Whole meal flour 180.00 33.18
11.9%, fiber 9%) were obtained from local supplier
Baker’s strong flour 120.00 22.12
in Selangor and Terengganu. Instant yeast 3.78 0.69
Fine salt 7.20 1.33
Preparation of cocoa pod husk powder (CPHP) Granulated sugar 10.80 1.99
The cocoa pod husk powder (CPHP) was prepared Shortening 10.80 1.99
by the following steps. Firstly, the cocoa pod husk Water 192.00 35.39
Non-fat milk solid 15.00 2.76
(CPH) was cleaved by using a 10 inches, stainless Bread improver 3.00 0.55
steel kitchen knife. The wet bean (seed) including the TOTAL 542.58 100.00
placenta and the outer layer of the cocoa pod which is Source: Gisslen (2009) by modification

known as cocoa shell was removed from the pod.

The CPH which is white in color was cleaned and weighed accurately according to the formulation.
cut into smaller pieces. Then, the CPH was cooked for After that, the baker’s strong flour, high protein flour
about half an hour in order to reduce its theobromine and whole meal flour were sifted by using Endecotts
content, as well as practicable in removing the slime sieve operated with Octagon Digital Sieve Shaker
layer of CPH and soften its texture. Next, the CPH (United Kingdom), to the size of 0.12 mm. This is
was placed on a tray and dried in a cabinet dryer at important to prevent the particle size from affecting
temperature of 60̊C until the moisture content was the bread in terms of physical and sensory analysis.
8-10%. Next, the flour were mixed together in stand mixer
Finally, CPH was grinded by using warring (Kitchen Aid Professional 600 Series 6 Quart Bowl-
blender (Warring Commercial, Laboratory Blender) Lift Stand Mixer, KP26M1XNP) at speed 2 by using
and continue with milling by using a sample mill spiral pedal and followed by addition of instant yeast
to obtain particle size of 0.12 mm. Then, CPHP (Mauri-pan) and sugar. For formulation B, C, D and
produced was stored in a polyethylene bag at room E, the CPHP was mix together with the mixture of
temperature for further analysis. whole meal flour and high protein flour. Then, the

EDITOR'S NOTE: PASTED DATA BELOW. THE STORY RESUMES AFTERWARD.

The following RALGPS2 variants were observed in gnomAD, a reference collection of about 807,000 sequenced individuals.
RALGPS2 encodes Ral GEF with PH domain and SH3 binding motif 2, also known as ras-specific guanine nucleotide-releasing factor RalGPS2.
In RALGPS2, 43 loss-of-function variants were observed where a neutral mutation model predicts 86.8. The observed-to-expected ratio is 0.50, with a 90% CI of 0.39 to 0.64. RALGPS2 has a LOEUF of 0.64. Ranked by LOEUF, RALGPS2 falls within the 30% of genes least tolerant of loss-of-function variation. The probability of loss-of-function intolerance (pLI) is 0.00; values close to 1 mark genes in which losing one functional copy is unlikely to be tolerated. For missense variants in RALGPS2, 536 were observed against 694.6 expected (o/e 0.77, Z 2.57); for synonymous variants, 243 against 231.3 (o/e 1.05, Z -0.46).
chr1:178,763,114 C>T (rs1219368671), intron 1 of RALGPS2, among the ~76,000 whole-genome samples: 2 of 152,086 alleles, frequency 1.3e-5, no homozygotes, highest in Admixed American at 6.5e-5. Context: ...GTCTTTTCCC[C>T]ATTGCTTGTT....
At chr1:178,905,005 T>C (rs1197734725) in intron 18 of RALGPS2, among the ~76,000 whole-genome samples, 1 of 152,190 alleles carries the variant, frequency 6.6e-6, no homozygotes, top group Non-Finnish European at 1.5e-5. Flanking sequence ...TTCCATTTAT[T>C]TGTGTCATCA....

CPHP was then deployed for proximate analysis process was continued by adding bread improver,
and the result gained were as following; crude fiber non fat milk solid, salt and shortening. Lastly, water
(27.01%), protein (5.78%), crude fat (2.02%), ash was added slowly to the mixture.
(4.84%) and moisture (8.83%). After kneading, the dough was allowed to
undergone fermentation process for about 30
Preparation of four blends minutes. Then, the dough was folded to allow the
The flour blends was comprised by whole meal gas expelled from the dough and at the same time
flour and cocoa pod husk powder (CPHP). There are distribute the yeast for further growth. Then, the
five different ratios of the flour blend formulations dough was portioned into the required size. The
were made in order to determine the optimum dough was rounded to shape it into a smooth layer.
tolerability of CPHP incorporated into the high fiber This procedure also may assist in retaining the gas
bread formulation. The ratio of the whole meal flour that was produced by yeast.
and cocoa pod husk powder is shown in Table 1. The The dough was allowed to rest for about 10-20
formulation of high fiber bread was simplified as in minutes before molding and placed into a baking
the Table 2. tin. Then, the dough was placed into the proofer for
the final proofing stage for about 45 minutes at 37
Preparation of high fiber bread ̊C (75% RH) (Giesslen, 2003). Next, the dough was
The high fiber bread was produced by using baked in baking oven at 200oC for 30 minutes.
the straight dough method modified by Gisslen The bread was removed from the oven, de-
(2009). Firstly, the ingredients such as flours, water, panned and allows it to cool. After cooling for about
shortening, salt, yeast and sugar were prepared and 1 hour at room temperature, the bread undergone
Amir et al./IFRJ 20(3):1301-1305 1303

physical analysis to observe its texture, volume, and Results and Discussion
color. The rest of bread was packed into packaging
materials High-density polyethylene (HDPE) and Textural properties (hardness)
stored properly in ambient condition. The hardness of five formulations high fiber
bread increased significantly as the CPHP level
Textural measurement augmented periodically from 10% to 20% level. This
The texture characteristics (hardness) of breads is due to the fiber contained in bread may restrict the
were analyzed by using TA.XT. Plus Texture Analyzer expansion of gas cells (Collar et al., 2007). It gave
(Stable Micro System Ltd., U.K) at temperature 25 rise to the composite bread to have a more compact
+ 2oC. The probe (P/75) was chosen for hardness texture which imparts to the increment of the bread
characteristics of bread by using Texture Profile hardness.